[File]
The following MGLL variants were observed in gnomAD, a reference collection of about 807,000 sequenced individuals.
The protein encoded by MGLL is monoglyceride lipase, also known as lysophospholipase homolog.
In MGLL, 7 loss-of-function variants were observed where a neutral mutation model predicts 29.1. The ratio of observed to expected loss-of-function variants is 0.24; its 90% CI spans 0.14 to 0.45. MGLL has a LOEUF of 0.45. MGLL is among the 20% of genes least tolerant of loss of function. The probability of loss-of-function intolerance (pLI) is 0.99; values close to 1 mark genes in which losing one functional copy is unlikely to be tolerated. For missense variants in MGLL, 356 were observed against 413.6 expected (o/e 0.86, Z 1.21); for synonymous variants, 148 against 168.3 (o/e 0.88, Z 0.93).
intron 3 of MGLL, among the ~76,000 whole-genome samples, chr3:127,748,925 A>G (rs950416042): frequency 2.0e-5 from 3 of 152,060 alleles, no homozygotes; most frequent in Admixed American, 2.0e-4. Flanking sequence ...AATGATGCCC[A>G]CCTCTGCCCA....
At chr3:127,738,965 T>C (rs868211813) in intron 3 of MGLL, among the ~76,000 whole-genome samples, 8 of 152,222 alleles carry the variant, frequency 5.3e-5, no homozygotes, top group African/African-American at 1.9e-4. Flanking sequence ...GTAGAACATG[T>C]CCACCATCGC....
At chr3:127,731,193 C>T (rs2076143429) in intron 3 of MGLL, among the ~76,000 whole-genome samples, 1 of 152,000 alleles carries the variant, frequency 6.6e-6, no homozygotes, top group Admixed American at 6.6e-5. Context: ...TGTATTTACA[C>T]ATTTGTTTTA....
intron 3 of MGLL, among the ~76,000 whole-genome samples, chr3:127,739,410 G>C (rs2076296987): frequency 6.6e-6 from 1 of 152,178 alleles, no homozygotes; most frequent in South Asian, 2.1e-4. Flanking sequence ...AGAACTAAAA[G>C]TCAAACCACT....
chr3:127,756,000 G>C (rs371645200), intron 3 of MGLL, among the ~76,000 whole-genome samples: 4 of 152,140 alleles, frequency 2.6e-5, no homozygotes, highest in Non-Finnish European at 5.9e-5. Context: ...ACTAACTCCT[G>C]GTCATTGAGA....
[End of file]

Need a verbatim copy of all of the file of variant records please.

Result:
The following MGLL variants were observed in gnomAD, a reference collection of about 807,000 sequenced individuals.
The protein encoded by MGLL is monoglyceride lipase, also known as lysophospholipase homolog.
In MGLL, 7 loss-of-function variants were observed where a neutral mutation model predicts 29.1. The ratio of observed to expected loss-of-function variants is 0.24; its 90% CI spans 0.14 to 0.45. MGLL has a LOEUF of 0.45. MGLL is among the 20% of genes least tolerant of loss of function. The probability of loss-of-function intolerance (pLI) is 0.99; values close to 1 mark genes in which losing one functional copy is unlikely to be tolerated. For missense variants in MGLL, 356 were observed against 413.6 expected (o/e 0.86, Z 1.21); for synonymous variants, 148 against 168.3 (o/e 0.88, Z 0.93).
intron 3 of MGLL, among the ~76,000 whole-genome samples, chr3:127,748,925 A>G (rs950416042): frequency 2.0e-5 from 3 of 152,060 alleles, no homozygotes; most frequent in Admixed American, 2.0e-4. Flanking sequence ...AATGATGCCC[A>G]CCTCTGCCCA....
At chr3:127,738,965 T>C (rs868211813) in intron 3 of MGLL, among the ~76,000 whole-genome samples, 8 of 152,222 alleles carry the variant, frequency 5.3e-5, no homozygotes, top group African/African-American at 1.9e-4. Flanking sequence ...GTAGAACATG[T>C]CCACCATCGC....
At chr3:127,731,193 C>T (rs2076143429) in intron 3 of MGLL, among the ~76,000 whole-genome samples, 1 of 152,000 alleles carries the variant, frequency 6.6e-6, no homozygotes, top group Admixed American at 6.6e-5. Context: ...TGTATTTACA[C>T]ATTTGTTTTA....
intron 3 of MGLL, among the ~76,000 whole-genome samples, chr3:127,739,410 G>C (rs2076296987): frequency 6.6e-6 from 1 of 152,178 alleles, no homozygotes; most frequent in South Asian, 2.1e-4. Flanking sequence ...AGAACTAAAA[G>C]TCAAACCACT....
chr3:127,756,000 G>C (rs371645200), intron 3 of MGLL, among the ~76,000 whole-genome samples: 4 of 152,140 alleles, frequency 2.6e-5, no homozygotes, highest in Non-Finnish European at 5.9e-5. Context: ...ACTAACTCCT[G>C]GTCATTGAGA....